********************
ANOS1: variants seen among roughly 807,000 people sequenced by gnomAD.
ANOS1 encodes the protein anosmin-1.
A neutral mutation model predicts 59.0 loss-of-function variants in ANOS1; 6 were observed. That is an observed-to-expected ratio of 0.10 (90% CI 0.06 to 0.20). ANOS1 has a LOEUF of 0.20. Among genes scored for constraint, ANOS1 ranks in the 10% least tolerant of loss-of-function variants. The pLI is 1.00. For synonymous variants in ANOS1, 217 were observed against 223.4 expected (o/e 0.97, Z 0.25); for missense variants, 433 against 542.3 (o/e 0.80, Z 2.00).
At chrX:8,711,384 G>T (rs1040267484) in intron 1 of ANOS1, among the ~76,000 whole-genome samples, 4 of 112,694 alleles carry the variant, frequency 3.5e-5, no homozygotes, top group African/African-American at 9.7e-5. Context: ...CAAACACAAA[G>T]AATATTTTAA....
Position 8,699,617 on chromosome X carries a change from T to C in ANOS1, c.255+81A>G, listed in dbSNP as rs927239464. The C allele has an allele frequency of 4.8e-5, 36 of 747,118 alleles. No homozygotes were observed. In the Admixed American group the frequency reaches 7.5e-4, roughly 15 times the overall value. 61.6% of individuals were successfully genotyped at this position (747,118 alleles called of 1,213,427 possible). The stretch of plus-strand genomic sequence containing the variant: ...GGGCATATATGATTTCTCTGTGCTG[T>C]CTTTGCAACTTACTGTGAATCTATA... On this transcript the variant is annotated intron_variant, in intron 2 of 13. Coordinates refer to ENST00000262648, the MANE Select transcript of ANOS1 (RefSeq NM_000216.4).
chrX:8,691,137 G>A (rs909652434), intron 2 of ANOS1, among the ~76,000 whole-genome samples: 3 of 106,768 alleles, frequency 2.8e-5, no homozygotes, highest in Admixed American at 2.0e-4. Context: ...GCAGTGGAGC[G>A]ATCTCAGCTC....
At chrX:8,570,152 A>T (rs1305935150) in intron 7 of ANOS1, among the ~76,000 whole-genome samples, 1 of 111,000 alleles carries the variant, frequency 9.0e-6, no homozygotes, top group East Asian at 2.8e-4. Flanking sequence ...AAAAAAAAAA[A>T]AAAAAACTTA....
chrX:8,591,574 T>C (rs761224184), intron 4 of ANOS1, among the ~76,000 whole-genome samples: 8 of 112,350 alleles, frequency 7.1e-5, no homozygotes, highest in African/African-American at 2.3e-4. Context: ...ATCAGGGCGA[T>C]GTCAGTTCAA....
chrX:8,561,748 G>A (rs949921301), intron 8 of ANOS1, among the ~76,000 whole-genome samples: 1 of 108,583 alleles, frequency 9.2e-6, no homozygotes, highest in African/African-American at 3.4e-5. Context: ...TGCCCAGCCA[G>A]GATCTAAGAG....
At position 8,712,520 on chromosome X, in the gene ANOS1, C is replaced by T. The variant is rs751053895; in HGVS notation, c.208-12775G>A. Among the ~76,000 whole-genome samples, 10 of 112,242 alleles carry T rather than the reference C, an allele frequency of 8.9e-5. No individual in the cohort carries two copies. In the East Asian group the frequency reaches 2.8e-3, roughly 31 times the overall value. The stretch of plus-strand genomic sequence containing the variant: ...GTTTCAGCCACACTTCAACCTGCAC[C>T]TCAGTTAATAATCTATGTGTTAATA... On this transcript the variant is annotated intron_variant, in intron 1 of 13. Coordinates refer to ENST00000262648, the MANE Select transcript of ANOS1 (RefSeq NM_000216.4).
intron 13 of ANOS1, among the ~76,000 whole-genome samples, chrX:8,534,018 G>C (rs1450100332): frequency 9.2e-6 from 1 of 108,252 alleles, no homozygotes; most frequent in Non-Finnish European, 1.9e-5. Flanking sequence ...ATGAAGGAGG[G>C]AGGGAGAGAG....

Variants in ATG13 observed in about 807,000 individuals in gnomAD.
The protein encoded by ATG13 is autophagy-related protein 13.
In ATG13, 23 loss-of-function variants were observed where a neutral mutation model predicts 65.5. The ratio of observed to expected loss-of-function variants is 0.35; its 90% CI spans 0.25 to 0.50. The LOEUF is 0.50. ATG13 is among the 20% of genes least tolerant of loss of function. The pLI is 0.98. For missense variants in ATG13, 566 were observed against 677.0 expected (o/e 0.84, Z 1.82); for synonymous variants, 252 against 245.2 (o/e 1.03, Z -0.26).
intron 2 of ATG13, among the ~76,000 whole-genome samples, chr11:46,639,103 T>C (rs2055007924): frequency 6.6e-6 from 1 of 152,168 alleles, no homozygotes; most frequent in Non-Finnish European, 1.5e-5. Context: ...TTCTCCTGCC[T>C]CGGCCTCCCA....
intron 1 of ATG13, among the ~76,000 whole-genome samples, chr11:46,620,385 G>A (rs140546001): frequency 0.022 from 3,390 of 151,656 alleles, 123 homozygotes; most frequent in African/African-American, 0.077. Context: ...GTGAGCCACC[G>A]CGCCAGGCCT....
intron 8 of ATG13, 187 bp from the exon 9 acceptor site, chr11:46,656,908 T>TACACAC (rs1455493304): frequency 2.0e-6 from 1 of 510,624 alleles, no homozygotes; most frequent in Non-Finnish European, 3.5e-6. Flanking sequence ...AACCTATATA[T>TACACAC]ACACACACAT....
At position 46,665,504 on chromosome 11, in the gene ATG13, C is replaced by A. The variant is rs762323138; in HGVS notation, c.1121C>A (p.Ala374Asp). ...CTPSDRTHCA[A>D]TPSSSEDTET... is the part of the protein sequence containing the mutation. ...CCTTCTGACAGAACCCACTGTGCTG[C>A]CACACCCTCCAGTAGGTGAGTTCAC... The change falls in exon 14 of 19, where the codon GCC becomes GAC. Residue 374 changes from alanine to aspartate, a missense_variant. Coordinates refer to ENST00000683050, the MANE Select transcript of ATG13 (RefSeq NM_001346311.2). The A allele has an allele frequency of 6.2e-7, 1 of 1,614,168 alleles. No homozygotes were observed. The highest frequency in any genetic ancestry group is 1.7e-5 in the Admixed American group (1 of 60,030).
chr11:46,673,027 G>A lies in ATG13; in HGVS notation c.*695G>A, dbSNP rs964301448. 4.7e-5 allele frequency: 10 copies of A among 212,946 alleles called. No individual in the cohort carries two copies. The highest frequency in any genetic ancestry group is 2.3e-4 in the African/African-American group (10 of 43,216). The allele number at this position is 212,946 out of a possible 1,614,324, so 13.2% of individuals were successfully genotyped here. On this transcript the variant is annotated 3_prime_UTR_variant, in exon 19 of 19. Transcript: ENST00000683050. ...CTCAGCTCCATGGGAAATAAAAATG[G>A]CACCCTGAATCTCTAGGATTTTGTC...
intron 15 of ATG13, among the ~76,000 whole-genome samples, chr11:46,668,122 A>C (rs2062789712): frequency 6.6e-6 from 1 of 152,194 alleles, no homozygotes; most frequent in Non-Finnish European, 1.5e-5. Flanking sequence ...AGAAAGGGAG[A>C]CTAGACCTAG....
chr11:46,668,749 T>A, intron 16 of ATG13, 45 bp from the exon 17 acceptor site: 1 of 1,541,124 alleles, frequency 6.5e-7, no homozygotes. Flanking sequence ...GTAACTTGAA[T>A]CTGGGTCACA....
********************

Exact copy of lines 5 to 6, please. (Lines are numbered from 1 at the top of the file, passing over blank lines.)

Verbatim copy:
Position 8,699,617 on chromosome X carries a change from T to C in ANOS1, c.255+81A>G, listed in dbSNP as rs927239464. The C allele has an allele frequency of 4.8e-5, 36 of 747,118 alleles. No homozygotes were observed. In the Admixed American group the frequency reaches 7.5e-4, roughly 15 times the overall value. 61.6% of individuals were successfully genotyped at this position (747,118 alleles called of 1,213,427 possible). The stretch of plus-strand genomic sequence containing the variant: ...GGGCATATATGATTTCTCTGTGCTG[T>C]CTTTGCAACTTACTGTGAATCTATA... On this transcript the variant is annotated intron_variant, in intron 2 of 13. Coordinates refer to ENST00000262648, the MANE Select transcript of ANOS1 (RefSeq NM_000216.4).
chrX:8,691,137 G>A (rs909652434), intron 2 of ANOS1, among the ~76,000 whole-genome samples: 3 of 106,768 alleles, frequency 2.8e-5, no homozygotes, highest in Admixed American at 2.0e-4. Context: ...GCAGTGGAGC[G>A]ATCTCAGCTC....